Make new traditions
All in all, the pros of RV travel and road-tripping far outweigh the cons. In today’s hurried world, more and more people realize that taking the time to slow down and enjoy the ride is priceless. So, this holiday season, ditch the frantic airport lines and opt for a leisurely road trip— skiing, hiking, or visiting friends and family instead.
Best winter road trips for the holidays
If you are in the mood for a road trip to end the year, continue reading for some of the best spots to travel to for your holiday road trip.
While desert landscapes may not provide a winter wonderland experience, Phoenix knows how to do the holidays right with its famous Tumbleweed Tree tradition, a lighting ceremony, and Christmas parade. Before or after enjoying it, take a road trip to the Grand Canyon where there’s a good chance you’ll see at least a dusting of snow with the South Rim sitting at about 6,800 feet in elevation bringing lots of picture-perfect photo-ops without the crowds. And, during the holidays you can ride the Polar Express Train from Williams to the South Rim.
This is one of those drives where the journey is as interesting as your destination. Driving from Austin to Big Bend National Park is 435 miles, a leisurely two-to-three day adventure with time for stops along the way.
You can have two totally different road trips from Austin to Big Bend National Park. If you move west on I-10, you can directly drive from Austin to Big Bend without many stops in between whereas the alternative route which cuts through Highway 90 is a lot more interesting thanks to the number of stops you have in between. If you take the second route, you could choose to stop at Del Rio for food and fuel and make a pit stop at Langtry to visit the Judge Roy Bean Museum.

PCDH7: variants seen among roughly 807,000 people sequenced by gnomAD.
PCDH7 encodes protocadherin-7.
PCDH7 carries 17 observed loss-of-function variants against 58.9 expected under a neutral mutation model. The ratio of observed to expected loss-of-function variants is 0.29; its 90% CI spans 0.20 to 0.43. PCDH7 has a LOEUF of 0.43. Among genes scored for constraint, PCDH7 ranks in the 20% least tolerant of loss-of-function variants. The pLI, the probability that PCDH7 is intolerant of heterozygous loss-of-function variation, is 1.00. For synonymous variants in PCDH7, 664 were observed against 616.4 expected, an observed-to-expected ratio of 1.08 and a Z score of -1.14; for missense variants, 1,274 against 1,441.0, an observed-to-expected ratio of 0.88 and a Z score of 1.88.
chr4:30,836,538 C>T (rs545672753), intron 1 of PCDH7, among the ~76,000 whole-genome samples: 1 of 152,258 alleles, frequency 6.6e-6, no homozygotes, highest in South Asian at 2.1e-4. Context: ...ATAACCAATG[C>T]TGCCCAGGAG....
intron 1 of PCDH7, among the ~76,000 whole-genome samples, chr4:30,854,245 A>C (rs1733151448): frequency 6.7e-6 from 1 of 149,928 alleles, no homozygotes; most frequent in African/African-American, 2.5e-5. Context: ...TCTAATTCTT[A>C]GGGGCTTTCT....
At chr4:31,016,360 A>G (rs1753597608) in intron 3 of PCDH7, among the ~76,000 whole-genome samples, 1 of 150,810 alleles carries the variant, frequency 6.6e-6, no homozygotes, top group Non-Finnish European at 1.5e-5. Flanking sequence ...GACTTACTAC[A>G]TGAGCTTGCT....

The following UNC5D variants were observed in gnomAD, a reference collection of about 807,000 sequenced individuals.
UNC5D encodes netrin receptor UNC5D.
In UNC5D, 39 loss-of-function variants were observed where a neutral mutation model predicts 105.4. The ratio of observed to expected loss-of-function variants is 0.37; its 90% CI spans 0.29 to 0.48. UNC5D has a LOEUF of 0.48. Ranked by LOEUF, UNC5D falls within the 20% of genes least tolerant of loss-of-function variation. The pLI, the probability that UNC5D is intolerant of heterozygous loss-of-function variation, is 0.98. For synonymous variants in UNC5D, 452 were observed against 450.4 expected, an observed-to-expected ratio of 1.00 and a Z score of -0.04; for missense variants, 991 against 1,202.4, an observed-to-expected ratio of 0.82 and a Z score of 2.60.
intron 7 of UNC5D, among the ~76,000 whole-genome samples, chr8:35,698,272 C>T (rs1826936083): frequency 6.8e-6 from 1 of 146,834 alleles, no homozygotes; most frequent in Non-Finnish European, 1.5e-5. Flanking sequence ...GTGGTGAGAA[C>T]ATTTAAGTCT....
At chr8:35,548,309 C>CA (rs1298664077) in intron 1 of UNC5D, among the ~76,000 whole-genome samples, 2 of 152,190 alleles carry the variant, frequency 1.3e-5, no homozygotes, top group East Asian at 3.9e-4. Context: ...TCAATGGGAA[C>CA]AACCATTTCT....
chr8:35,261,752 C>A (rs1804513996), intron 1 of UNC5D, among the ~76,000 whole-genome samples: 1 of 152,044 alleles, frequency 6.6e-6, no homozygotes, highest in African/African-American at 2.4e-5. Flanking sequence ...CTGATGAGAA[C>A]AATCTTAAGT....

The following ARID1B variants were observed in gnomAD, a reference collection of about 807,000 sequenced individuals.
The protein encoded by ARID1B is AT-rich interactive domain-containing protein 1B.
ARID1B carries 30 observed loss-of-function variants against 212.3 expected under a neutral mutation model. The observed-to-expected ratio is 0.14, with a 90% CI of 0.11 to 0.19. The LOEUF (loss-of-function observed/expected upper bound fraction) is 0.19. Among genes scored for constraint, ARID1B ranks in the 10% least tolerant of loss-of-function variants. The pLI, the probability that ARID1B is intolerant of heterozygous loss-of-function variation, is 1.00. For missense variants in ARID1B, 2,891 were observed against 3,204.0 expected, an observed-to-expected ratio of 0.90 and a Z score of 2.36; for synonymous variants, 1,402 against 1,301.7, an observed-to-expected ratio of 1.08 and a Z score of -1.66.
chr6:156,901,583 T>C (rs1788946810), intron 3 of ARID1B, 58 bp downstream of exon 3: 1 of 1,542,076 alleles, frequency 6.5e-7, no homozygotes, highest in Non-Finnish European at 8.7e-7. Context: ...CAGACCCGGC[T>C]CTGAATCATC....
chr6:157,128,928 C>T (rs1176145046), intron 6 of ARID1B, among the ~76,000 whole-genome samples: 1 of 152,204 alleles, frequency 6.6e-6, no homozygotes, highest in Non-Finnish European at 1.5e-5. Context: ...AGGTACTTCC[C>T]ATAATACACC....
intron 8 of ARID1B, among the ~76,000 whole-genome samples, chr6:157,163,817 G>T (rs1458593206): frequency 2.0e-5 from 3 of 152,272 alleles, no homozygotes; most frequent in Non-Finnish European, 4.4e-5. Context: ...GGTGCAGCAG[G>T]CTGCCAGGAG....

Asheville and the Blue Ridge Parkway, North Carolina
Camp near Asheville and take a road trip north or south on the Blue Ridge Parkway to soak up spectacular mountain scenery that can be even more beautiful during the winter. It’s all about the journey so go slow and stop frequently. Before or after heading out you’ll be able to enjoy Asheville’s sparkling holiday light displays and decor and a visit to the Châteauesque-style mansion known as Biltmore Estate, the country’s largest privately-owned home. It’s worth touring any time of year but at Christmas the evening candlelight tour features over 50 Christmas trees.
Winter transforms beautiful St. Augustine, Florida, America’s oldest city, into a stunning spectacle of lights. Its magnificent Spanish architecture is lit up with over three million individual bulbs and there will be horse-drawn carriage rides to view them all. Afterward, take off for Savannah to enjoy the Boats on Parade with more than 40 lighted vessels parading both sides of the waterfront accompanied by live music, a tree lighting ceremony, and fireworks. Or enjoy an old-fashioned celebration with Christmas on the River with local entertainment, music, and seasonal treats.
Burlington, Vermont to Jackson, New Hampshire
The drive from Burlington, Vermont to Jackson, New Hampshire is gorgeous, traveling through the White Mountains with its red covered bridges surrounded by a dazzling winter wonderland. Stop in Bretton Woods to take advantage of Mount Washington Resort’s downhill runs, sleigh rides, ice skating, or tubing before continuing to one of the country’s most picturesque Christmas towns, Jackson. Here you can enjoy all sorts of snow sports and the Annual Journey to the North Pole train ride, complete with Santa and his elves.
Christmas waves a magic wand over this world, and behold, everything is softer and more beautiful.
—Norman Vincent Peale